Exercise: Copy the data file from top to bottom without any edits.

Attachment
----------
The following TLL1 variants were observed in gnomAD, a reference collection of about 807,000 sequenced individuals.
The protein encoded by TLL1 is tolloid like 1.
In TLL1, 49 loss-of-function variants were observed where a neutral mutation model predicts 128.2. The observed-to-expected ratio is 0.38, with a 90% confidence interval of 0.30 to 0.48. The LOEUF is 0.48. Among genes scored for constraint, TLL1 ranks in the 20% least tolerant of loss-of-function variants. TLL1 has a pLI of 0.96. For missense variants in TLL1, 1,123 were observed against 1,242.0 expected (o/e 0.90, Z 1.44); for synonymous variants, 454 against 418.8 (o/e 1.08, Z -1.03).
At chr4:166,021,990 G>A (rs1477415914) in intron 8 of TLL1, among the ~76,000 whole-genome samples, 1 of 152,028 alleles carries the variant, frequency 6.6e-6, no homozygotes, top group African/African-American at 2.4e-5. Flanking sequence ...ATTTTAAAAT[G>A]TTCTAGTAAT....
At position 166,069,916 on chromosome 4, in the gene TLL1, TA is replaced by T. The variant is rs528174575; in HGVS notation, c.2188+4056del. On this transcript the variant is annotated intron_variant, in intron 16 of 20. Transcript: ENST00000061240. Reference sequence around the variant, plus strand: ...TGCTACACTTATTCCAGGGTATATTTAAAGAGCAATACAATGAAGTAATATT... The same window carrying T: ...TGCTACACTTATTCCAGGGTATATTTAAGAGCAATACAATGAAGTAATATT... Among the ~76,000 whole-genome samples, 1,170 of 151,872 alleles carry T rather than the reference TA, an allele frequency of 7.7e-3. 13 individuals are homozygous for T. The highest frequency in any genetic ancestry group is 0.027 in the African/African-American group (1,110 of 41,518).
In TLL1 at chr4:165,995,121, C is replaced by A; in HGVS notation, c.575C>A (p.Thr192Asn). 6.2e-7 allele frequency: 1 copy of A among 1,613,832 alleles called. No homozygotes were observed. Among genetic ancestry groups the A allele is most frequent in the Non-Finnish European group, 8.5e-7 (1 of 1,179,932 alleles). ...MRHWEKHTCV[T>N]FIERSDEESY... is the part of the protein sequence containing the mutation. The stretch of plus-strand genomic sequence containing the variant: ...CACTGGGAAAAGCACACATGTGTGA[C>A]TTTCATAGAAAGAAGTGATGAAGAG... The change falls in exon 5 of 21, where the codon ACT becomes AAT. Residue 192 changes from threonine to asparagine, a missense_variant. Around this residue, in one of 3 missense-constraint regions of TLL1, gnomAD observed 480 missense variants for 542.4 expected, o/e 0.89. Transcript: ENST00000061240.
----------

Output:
The following TLL1 variants were observed in gnomAD, a reference collection of about 807,000 sequenced individuals.
The protein encoded by TLL1 is tolloid like 1.
In TLL1, 49 loss-of-function variants were observed where a neutral mutation model predicts 128.2. The observed-to-expected ratio is 0.38, with a 90% confidence interval of 0.30 to 0.48. The LOEUF is 0.48. Among genes scored for constraint, TLL1 ranks in the 20% least tolerant of loss-of-function variants. TLL1 has a pLI of 0.96. For missense variants in TLL1, 1,123 were observed against 1,242.0 expected (o/e 0.90, Z 1.44); for synonymous variants, 454 against 418.8 (o/e 1.08, Z -1.03).
At chr4:166,021,990 G>A (rs1477415914) in intron 8 of TLL1, among the ~76,000 whole-genome samples, 1 of 152,028 alleles carries the variant, frequency 6.6e-6, no homozygotes, top group African/African-American at 2.4e-5. Flanking sequence ...ATTTTAAAAT[G>A]TTCTAGTAAT....
At position 166,069,916 on chromosome 4, in the gene TLL1, TA is replaced by T. The variant is rs528174575; in HGVS notation, c.2188+4056del. On this transcript the variant is annotated intron_variant, in intron 16 of 20. Transcript: ENST00000061240. Reference sequence around the variant, plus strand: ...TGCTACACTTATTCCAGGGTATATTTAAAGAGCAATACAATGAAGTAATATT... The same window carrying T: ...TGCTACACTTATTCCAGGGTATATTTAAGAGCAATACAATGAAGTAATATT... Among the ~76,000 whole-genome samples, 1,170 of 151,872 alleles carry T rather than the reference TA, an allele frequency of 7.7e-3. 13 individuals are homozygous for T. The highest frequency in any genetic ancestry group is 0.027 in the African/African-American group (1,110 of 41,518).
In TLL1 at chr4:165,995,121, C is replaced by A; in HGVS notation, c.575C>A (p.Thr192Asn). 6.2e-7 allele frequency: 1 copy of A among 1,613,832 alleles called. No homozygotes were observed. Among genetic ancestry groups the A allele is most frequent in the Non-Finnish European group, 8.5e-7 (1 of 1,179,932 alleles). ...MRHWEKHTCV[T>N]FIERSDEESY... is the part of the protein sequence containing the mutation. The stretch of plus-strand genomic sequence containing the variant: ...CACTGGGAAAAGCACACATGTGTGA[C>A]TTTCATAGAAAGAAGTGATGAAGAG... The change falls in exon 5 of 21, where the codon ACT becomes AAT. Residue 192 changes from threonine to asparagine, a missense_variant. Around this residue, in one of 3 missense-constraint regions of TLL1, gnomAD observed 480 missense variants for 542.4 expected, o/e 0.89. Transcript: ENST00000061240.